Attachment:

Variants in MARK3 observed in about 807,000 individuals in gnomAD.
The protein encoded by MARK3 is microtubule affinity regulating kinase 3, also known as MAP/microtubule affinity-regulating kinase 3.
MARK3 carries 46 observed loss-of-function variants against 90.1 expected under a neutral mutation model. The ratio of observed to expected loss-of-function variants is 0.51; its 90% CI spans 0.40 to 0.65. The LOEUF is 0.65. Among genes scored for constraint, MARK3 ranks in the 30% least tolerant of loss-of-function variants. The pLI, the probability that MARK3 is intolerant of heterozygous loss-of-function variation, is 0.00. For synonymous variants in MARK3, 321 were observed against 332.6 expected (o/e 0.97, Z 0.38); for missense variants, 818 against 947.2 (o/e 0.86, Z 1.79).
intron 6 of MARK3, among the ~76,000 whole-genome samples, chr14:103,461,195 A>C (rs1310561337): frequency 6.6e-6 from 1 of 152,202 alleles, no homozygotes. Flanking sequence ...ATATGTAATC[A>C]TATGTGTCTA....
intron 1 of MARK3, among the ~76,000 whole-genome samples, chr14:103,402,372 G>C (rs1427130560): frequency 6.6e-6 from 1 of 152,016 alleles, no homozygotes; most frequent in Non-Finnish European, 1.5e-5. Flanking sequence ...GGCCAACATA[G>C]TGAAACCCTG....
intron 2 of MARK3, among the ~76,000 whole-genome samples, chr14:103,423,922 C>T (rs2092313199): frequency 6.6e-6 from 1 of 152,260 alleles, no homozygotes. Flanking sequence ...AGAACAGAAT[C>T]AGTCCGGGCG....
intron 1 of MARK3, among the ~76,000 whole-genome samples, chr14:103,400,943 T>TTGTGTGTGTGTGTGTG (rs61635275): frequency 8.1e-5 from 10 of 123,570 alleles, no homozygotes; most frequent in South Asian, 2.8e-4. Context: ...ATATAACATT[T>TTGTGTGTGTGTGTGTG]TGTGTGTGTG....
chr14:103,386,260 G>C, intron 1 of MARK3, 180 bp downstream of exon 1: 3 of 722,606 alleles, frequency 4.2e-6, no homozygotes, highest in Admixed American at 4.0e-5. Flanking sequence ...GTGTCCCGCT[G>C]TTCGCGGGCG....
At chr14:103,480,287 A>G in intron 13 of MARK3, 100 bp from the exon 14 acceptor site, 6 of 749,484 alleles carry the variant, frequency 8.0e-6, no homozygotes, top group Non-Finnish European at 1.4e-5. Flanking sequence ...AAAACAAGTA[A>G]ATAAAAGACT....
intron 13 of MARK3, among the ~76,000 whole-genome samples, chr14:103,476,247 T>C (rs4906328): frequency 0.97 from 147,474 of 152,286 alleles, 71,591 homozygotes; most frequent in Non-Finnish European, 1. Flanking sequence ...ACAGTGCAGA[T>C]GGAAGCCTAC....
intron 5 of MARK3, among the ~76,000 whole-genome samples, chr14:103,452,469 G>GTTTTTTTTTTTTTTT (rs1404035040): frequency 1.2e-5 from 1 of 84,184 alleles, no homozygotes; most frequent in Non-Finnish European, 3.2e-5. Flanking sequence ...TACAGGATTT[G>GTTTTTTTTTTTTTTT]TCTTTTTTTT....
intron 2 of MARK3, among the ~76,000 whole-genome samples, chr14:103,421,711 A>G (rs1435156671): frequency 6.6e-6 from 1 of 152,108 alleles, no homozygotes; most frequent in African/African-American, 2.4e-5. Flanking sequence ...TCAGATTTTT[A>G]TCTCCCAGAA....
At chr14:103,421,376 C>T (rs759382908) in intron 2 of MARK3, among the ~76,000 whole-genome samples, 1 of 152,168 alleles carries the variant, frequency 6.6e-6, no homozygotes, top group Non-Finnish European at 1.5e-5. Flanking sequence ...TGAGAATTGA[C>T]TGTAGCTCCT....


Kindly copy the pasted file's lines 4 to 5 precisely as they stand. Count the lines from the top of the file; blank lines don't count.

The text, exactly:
intron 6 of MARK3, among the ~76,000 whole-genome samples, chr14:103,461,195 A>C (rs1310561337): frequency 6.6e-6 from 1 of 152,202 alleles, no homozygotes. Flanking sequence ...ATATGTAATC[A>C]TATGTGTCTA....
intron 1 of MARK3, among the ~76,000 whole-genome samples, chr14:103,402,372 G>C (rs1427130560): frequency 6.6e-6 from 1 of 152,016 alleles, no homozygotes; most frequent in Non-Finnish European, 1.5e-5. Flanking sequence ...GGCCAACATA[G>C]TGAAACCCTG....